Do you provide certificates for those who finished one of your programs?

And indeed we have a ceremony at the end of each class when we give a certificate signed by me and a “To Go Further” list of books, websites, museums and films for each class.

Will your courses be interesting for professional jewellers?

Of course! In particular, our jewelry history courses can be interesting and helpful to professional jewelers in order to heighten their level of knowledge of jewelry culture and to gain insights and inspiration for their creations and other aspects of their work.

You have launched a new format of short course cycles. What advantages does it have? What are the differences between long-term and short-term courses?

L'ÉCOLE offers an exclusive program dedicated to three main areas: craftsmanship, the history of jewelry, and the universe of gemstones. The existing long courses are one-time courses of 4 hours each, so long in individual duration but not in a cycle, à la carte. We have also introduced a new “Discovery Series” consisting of long and short courses in a cycle, at an advantageous tuition rate. For instance, the itinerary of 4 hour courses is: “The Journey of a Gemstone, from the Mineral to the Lapidary’s Bench”. It includes 4 courses, which are 4 hours each.

The new short course cycles give people a chance to delve more deeply into a specific subject, such as “Artist’s Jewelry” with 5 classes of 1.5 hours each at 7 p.m. to give busy working people a chance to learn at L’ÉCOLE.

Could you please unveil some highlights of the extended Jean Vendome exhibition?

Sure. The Jean Vendome exhibition provides an educational, thematic, enjoyable journey into the very unique creative world of Jean Vendome, the pioneering modern artist jeweler. His mineralogical, gemological and unique creative vision is unmatched and this is a once-in-a-lifetime chance to see his masterpieces, beautifully and expertly curated. We also give you a beautiful and informative souvenir catalog for no charge to take with you after your visit!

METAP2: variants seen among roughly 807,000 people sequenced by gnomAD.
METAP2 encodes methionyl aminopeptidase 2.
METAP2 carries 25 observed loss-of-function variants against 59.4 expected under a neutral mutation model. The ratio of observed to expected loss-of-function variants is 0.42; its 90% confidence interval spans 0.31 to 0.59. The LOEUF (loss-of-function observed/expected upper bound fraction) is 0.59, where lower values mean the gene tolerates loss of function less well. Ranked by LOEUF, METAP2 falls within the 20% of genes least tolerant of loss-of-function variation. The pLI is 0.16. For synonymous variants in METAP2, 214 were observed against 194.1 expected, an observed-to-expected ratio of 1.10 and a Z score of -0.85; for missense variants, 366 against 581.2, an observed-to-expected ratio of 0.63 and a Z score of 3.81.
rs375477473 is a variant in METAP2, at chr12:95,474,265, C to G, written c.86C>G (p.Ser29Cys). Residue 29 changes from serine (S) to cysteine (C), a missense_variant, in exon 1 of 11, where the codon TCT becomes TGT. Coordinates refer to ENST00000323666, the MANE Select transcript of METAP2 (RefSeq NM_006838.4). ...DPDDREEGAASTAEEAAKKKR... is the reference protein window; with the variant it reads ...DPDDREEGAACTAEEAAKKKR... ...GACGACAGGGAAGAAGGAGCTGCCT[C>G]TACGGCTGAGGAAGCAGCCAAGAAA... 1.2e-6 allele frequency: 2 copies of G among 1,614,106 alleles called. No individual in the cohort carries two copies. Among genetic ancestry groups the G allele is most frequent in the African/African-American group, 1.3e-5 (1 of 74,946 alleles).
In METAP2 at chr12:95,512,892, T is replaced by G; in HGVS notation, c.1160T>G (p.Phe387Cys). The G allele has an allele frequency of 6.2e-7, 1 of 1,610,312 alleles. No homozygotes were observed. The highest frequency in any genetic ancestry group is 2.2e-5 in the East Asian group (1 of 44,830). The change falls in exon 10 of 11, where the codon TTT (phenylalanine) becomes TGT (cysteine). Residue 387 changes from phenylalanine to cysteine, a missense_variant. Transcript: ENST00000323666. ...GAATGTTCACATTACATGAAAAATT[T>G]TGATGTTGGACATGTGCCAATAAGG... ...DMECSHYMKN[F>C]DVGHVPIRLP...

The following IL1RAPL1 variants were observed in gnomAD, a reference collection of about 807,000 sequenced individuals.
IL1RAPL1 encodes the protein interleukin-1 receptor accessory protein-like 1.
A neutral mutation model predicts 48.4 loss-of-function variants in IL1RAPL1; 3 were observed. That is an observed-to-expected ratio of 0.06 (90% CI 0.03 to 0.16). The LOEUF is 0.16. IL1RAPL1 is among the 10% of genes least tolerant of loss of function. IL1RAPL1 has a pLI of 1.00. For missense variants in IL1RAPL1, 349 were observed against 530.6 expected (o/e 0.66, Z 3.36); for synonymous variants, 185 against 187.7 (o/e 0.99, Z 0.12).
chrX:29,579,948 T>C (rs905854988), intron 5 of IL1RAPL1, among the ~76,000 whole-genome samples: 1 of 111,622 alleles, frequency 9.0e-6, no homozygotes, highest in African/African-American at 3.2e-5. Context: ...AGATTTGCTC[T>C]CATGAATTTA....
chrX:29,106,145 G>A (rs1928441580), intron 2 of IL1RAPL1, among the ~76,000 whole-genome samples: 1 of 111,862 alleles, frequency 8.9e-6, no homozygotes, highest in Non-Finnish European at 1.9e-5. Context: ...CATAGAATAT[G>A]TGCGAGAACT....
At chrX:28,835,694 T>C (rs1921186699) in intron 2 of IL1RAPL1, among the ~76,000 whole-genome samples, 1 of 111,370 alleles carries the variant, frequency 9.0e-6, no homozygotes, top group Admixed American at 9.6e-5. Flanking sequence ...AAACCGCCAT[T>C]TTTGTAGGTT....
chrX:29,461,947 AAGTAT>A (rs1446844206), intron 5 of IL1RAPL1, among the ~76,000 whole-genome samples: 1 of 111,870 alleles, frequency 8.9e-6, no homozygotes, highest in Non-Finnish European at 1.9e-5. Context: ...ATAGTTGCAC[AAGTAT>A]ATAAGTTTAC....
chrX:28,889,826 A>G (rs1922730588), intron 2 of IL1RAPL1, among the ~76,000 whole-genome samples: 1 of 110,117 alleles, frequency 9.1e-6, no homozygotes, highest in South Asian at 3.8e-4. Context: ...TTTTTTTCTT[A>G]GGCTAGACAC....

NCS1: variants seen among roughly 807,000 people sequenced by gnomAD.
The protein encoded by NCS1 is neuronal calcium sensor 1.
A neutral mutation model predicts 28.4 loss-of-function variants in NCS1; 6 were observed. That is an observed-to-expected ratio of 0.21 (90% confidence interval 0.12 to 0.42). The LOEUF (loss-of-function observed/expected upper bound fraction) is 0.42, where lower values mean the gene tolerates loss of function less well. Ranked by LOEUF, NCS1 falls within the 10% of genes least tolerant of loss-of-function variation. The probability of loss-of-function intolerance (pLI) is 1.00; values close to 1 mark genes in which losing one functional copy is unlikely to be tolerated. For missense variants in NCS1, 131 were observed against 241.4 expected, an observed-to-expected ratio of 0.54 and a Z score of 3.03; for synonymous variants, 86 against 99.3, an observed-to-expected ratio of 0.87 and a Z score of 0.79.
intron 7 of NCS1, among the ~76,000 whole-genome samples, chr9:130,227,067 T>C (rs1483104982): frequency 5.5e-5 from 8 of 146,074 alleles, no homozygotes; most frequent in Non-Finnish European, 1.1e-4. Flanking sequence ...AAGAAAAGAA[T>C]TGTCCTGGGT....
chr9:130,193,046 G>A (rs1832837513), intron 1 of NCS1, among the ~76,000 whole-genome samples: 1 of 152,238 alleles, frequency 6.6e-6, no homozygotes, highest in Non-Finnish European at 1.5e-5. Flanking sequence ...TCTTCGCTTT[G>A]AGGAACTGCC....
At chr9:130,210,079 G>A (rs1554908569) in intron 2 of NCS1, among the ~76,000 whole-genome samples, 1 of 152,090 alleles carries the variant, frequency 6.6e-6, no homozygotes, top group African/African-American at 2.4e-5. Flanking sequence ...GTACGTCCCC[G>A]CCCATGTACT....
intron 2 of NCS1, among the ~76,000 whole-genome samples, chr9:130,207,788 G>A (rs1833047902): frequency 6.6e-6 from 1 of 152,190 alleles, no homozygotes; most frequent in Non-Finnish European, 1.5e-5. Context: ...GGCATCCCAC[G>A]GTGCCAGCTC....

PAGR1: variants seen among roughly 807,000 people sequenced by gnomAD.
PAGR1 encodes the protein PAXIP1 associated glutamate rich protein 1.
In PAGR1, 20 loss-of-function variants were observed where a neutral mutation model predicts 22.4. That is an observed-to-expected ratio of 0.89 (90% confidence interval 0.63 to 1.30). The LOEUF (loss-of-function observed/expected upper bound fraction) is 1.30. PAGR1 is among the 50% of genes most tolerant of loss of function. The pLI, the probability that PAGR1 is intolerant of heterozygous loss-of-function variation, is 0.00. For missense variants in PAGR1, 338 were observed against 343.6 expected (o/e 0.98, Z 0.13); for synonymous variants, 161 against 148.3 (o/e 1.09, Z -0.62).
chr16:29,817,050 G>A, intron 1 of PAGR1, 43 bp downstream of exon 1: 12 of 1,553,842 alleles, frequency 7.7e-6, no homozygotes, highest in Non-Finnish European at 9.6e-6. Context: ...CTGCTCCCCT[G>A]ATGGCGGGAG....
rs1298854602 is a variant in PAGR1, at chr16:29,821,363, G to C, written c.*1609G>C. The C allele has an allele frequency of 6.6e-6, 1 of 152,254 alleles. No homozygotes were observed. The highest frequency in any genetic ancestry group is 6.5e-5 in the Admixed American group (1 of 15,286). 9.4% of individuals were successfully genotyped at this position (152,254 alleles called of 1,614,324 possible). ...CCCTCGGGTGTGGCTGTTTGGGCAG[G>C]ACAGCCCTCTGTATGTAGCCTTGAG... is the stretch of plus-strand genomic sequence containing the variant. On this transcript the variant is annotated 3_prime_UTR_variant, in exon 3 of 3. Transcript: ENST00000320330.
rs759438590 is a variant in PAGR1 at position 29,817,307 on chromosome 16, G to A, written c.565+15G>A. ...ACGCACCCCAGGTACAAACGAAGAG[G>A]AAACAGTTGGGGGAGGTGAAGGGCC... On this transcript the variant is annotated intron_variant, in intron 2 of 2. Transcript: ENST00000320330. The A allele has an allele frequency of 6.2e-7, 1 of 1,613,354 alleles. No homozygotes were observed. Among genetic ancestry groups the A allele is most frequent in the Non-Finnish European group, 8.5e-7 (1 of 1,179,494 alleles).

For reference: The School of High Jewelry Art (L'ECOLE des Arts Joailliers) was created at the initiative of Van Cleef & Arpels in 2012. It offers the public the opportunity to experience jewelry making, gemology and the history of jewelry through a series of courses and talks, as well as exhibitions and webinars in both Paris and Hong Kong - the School's two permanent locations - and the rest of the world by organizing traveling events. In Paris, L'ÉCOLE is located in the Place Vendôme, where the spirit of jewelry soars, in an 18th-century mansion that embodies the French artistic tradition. The school entrance is located at 31 rue Danielle Casanova in Paris.

L'ÉCOLE also helps expand jewelry knowledge by organizing free exhibitions open to the public. Through collaborations with collectors and contemporary artists, these exhibitions provide jewelry lovers a rare opportunity to see exceptional works.

Now the School invites the public to visit the Jean Vendome exhibition.

A pioneer in modern jewelry and a keen mineral lover who has never stopped creating throughout his life, from his first jewelry collection in the 1950s to his last creations in 2017. Jean Vendome, whose real name was Ohan Tuhdarian, presented his first jewelry collection in 1950, marking sixty-seven years of the creative upsurge in the jewelry industry. 

Victoria Quiri for Rough&Polished